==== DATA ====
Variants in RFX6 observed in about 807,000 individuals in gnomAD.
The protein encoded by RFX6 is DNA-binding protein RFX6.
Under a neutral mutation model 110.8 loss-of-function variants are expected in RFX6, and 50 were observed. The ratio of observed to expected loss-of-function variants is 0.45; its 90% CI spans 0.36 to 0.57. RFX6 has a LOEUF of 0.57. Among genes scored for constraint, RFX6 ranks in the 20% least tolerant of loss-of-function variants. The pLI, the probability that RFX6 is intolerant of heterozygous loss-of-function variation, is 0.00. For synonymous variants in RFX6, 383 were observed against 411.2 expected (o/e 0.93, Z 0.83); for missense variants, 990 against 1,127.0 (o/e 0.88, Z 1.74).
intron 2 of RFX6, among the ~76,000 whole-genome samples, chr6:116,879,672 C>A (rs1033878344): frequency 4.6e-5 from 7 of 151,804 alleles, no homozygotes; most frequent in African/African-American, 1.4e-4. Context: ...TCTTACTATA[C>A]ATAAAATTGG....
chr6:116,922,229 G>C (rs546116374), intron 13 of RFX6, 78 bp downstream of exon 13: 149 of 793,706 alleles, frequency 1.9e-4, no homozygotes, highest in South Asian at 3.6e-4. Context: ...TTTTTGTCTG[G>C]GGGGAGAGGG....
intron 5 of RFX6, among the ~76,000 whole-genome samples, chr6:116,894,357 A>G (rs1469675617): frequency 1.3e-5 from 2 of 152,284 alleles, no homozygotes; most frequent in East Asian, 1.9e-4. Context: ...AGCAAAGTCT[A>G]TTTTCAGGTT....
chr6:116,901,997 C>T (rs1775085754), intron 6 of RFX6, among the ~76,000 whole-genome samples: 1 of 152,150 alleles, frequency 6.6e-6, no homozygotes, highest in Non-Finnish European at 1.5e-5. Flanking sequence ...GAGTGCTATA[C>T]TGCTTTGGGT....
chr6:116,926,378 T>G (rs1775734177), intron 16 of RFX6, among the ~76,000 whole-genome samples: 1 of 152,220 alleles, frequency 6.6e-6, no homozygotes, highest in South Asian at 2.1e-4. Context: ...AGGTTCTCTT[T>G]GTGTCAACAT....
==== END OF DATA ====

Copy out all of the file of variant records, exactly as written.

Variants in RFX6 observed in about 807,000 individuals in gnomAD.
The protein encoded by RFX6 is DNA-binding protein RFX6.
Under a neutral mutation model 110.8 loss-of-function variants are expected in RFX6, and 50 were observed. The ratio of observed to expected loss-of-function variants is 0.45; its 90% CI spans 0.36 to 0.57. RFX6 has a LOEUF of 0.57. Among genes scored for constraint, RFX6 ranks in the 20% least tolerant of loss-of-function variants. The pLI, the probability that RFX6 is intolerant of heterozygous loss-of-function variation, is 0.00. For synonymous variants in RFX6, 383 were observed against 411.2 expected (o/e 0.93, Z 0.83); for missense variants, 990 against 1,127.0 (o/e 0.88, Z 1.74).
intron 2 of RFX6, among the ~76,000 whole-genome samples, chr6:116,879,672 C>A (rs1033878344): frequency 4.6e-5 from 7 of 151,804 alleles, no homozygotes; most frequent in African/African-American, 1.4e-4. Context: ...TCTTACTATA[C>A]ATAAAATTGG....
chr6:116,922,229 G>C (rs546116374), intron 13 of RFX6, 78 bp downstream of exon 13: 149 of 793,706 alleles, frequency 1.9e-4, no homozygotes, highest in South Asian at 3.6e-4. Context: ...TTTTTGTCTG[G>C]GGGGAGAGGG....
intron 5 of RFX6, among the ~76,000 whole-genome samples, chr6:116,894,357 A>G (rs1469675617): frequency 1.3e-5 from 2 of 152,284 alleles, no homozygotes; most frequent in East Asian, 1.9e-4. Context: ...AGCAAAGTCT[A>G]TTTTCAGGTT....
chr6:116,901,997 C>T (rs1775085754), intron 6 of RFX6, among the ~76,000 whole-genome samples: 1 of 152,150 alleles, frequency 6.6e-6, no homozygotes, highest in Non-Finnish European at 1.5e-5. Flanking sequence ...GAGTGCTATA[C>T]TGCTTTGGGT....
chr6:116,926,378 T>G (rs1775734177), intron 16 of RFX6, among the ~76,000 whole-genome samples: 1 of 152,220 alleles, frequency 6.6e-6, no homozygotes, highest in South Asian at 2.1e-4. Context: ...AGGTTCTCTT[T>G]GTGTCAACAT....